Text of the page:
Covering Your Dealerships Increasing CostsFriday, June 1, 2012
No this is not another article that talks about profitability. I will not explain how to raise all of your prices and achieve profit from your dealerships profit centers. If it was that easy then this topic would not be so interesting. If you run a business in today’s environment a week does not pass where you consider raising your prices and weigh its impact against its effect on total sales. The truth is that in every market during every cycle there is at least one competitor who is trying to buy market share be it in new truck sales, service or even rental business. The purpose of this article is not to solve all of your dealerships pricing issues but rather to discuss this important issue and attempt to provide thoughtful information.
To begin, never try to focus your pricing efforts on the dealership that is clearly under pricing to buy market share. At our dealership we try to analyze the customer’s application and determine if it makes good business sense to discount in one area such as PMs in order to capture the profit in other areas. Often, there is no justification and we explain to the customer that we provide a quality product and service that requires a certain rate. Profitability should not be a dirty word. Sure you may say that you cannot lose an account and that it would be better to have the account at a lower price than to lose it entirely. I would argue that you would sometimes be better off staying home than to use the companies resources and not cover the costs. No business can survive on that strategy. The other problem is that information is missing at the time these pricing decisions are made. Let’s list all of the costs that are increasing annually to better frame this discussion.
Wages must rise as the cost of living increases each year, business insurance, utilities, worker’s compensation insurance, hospitalization insurance, and we must not forget the cost of fuel. These are the costs that haunt us all. Now let’s list the basic areas where prices can rise: standard labor rate, flat rates for PMs, parts pricing, freight rates, new/used truck prices and fuel surcharges. Some of these areas are very straight forward and some may not be so clear.
Fuel surcharges must exist with today’s rising fuel costs. However, some dealerships look at this as another profit center. For road repairs some dealerships fuel surcharges are outrageous. Some have a standard flat rate wherever the customer is located. This causes problems with customer’s that are close by with minimal travel time. A fair fuel surcharge is based on different zones and can be explained by mileage x fuel price difference factor. The purpose is to cover the spread – not the entire fuel cost. Customer’s will always call to question new charges – if you have a fair answer as to how you arrive at the charge it will be more commonly accepted. If you say, “We needed to increase our sales so we decided to pick a $10.00 surcharge across the board,” the customer will surely be upset. In summary, fuel prices have varied by $.50 to $1.00 over the past year – if you have increased your fuel surcharge four times in the last year you need a new system of calculation. If you currently are not charging a surcharge you should quickly reconsider.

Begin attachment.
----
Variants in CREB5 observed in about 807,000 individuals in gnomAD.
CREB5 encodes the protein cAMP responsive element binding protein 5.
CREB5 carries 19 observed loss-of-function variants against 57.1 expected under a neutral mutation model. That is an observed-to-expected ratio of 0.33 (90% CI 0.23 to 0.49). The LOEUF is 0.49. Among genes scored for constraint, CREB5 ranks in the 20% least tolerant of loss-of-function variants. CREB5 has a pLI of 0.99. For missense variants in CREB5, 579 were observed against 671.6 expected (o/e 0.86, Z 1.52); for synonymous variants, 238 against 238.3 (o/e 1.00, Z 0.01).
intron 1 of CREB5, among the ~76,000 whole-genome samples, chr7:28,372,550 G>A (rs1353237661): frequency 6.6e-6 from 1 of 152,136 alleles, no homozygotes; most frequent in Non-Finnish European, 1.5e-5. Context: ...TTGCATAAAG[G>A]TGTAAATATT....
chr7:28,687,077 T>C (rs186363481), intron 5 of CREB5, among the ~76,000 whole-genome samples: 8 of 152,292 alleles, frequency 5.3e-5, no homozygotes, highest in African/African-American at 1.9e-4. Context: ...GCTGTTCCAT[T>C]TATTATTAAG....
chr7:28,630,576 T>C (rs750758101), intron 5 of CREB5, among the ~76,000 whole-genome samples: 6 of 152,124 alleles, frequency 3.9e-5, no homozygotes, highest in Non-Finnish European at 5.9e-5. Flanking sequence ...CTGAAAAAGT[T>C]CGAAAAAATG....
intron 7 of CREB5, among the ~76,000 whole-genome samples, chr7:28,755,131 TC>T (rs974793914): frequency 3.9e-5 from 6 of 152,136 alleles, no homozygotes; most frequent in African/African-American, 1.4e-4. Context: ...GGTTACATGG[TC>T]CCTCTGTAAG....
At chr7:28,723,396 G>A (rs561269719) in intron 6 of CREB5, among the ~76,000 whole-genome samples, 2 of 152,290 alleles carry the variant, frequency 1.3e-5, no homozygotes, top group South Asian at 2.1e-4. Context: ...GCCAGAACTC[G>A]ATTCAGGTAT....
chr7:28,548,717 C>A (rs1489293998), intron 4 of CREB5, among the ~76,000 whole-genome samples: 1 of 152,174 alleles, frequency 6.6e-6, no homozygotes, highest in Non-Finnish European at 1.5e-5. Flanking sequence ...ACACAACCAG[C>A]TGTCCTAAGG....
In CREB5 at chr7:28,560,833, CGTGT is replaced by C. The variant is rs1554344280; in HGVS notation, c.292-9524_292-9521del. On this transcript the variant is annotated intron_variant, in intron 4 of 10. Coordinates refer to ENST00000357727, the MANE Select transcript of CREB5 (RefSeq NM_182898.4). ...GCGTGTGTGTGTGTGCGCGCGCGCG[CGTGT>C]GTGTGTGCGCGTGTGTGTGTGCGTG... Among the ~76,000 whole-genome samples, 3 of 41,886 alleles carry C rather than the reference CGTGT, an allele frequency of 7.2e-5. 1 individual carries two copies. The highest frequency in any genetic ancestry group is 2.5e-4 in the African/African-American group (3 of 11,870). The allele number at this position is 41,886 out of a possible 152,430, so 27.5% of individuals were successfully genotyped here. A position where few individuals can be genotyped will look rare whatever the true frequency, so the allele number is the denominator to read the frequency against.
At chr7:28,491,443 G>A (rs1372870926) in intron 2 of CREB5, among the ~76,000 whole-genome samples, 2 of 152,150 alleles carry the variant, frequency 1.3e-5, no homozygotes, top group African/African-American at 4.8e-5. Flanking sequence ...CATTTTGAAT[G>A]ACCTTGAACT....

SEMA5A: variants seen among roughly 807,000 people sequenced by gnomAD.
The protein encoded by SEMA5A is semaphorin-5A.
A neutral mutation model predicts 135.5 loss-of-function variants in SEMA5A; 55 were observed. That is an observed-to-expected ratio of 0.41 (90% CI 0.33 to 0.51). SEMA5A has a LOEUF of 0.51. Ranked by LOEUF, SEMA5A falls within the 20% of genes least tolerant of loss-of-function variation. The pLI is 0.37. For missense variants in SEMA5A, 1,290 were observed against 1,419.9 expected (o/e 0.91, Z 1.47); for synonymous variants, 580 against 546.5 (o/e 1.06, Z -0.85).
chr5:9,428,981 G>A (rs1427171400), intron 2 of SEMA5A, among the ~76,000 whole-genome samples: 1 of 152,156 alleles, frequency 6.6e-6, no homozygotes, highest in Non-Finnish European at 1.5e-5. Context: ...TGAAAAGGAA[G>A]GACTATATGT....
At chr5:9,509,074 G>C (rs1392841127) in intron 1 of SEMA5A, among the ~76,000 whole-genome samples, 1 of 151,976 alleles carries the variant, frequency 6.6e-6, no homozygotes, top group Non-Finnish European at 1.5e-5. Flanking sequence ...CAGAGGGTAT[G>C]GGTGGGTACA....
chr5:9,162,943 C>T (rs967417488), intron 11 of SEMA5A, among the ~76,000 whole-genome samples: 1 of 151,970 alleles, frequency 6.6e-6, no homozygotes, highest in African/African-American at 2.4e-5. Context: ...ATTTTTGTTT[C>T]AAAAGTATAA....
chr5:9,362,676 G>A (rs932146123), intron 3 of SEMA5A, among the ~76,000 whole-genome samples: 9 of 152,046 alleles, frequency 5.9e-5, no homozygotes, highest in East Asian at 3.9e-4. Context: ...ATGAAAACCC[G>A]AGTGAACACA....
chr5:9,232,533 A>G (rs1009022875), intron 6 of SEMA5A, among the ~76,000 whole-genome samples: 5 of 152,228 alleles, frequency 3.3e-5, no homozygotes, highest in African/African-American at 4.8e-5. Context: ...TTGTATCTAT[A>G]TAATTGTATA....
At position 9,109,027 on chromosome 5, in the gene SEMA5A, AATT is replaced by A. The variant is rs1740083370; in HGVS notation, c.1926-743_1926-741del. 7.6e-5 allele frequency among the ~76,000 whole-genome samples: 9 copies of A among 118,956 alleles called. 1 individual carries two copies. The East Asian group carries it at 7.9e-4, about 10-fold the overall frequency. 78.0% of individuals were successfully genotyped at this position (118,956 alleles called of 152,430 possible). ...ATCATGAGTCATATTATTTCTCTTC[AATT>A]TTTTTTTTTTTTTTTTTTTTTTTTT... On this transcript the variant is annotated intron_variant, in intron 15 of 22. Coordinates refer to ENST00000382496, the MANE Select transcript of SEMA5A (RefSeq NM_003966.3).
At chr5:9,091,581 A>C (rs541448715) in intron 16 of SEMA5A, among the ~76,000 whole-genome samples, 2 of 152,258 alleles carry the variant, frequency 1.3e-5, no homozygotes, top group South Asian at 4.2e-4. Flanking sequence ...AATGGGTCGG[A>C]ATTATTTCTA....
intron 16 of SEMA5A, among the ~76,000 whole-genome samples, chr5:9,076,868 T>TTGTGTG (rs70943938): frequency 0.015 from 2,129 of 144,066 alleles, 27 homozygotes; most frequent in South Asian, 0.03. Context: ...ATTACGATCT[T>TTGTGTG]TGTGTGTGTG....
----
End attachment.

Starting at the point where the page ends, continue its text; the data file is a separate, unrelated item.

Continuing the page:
Dealerships understand how to raise standard labor rates. We also understand how to raise the standard rate and discount it the next day for a large user – this is part of the business. The interesting part is how often do you raise your contracted PM service flat rate labor charges. Do you have PM contracts in place where the agreement was signed eight to ten years ago at a competitive rate back then? If so, the time has come to sit down with the customer face to face and re-negotiate a PM contract. Fair is fair and the PM contract does not state that the labor rate is lock indefinitely. Don’t take the lazy way out and raise it without the customer’s notification. Send out a salesperson to communicate it properly and re-negotiate.
Another great question – do you know what your parts department’s standard markup is on all of the different parts sold (not just your product line)? Investigation may provide answers that are shocking. The common parts answer is “I can’t raise that markup – I don’t want to lose the business.” By simply increasing % markups for different parts groups you will increase the profitability of the parts department. Remind the parts person that most customers will not notice a difference of one or two percent.
Finally, we all figure a dealer prep cost into the cost of a new forklift truck. We also all complain about how there is very little profit in new equipment deals. You should consider the costs associated with the installation and prep and see if the dealer prep charge covers the time under your current labor rate. Also, ask your business insurance representative what the insurance cost is per $1,000 of equipment sold – you may not like the answer.
Generally speaking, our very competitive industry makes pricing power seem non-existent. Pricing theory would explain that as companies go out-of-business prices will rise. The question to ask yourself is – what side of that theory do you want to be a part of? What was the invoice amount from the last HVAC service call you made to your company? Our industry needs to learn from these others who have it right.
If you have any questions regarding this article or any other Tech Talk article please feel free to give me a call @ 877/303-LIFT (5438). As always, stay tuned to future helpful Tech Talk articles!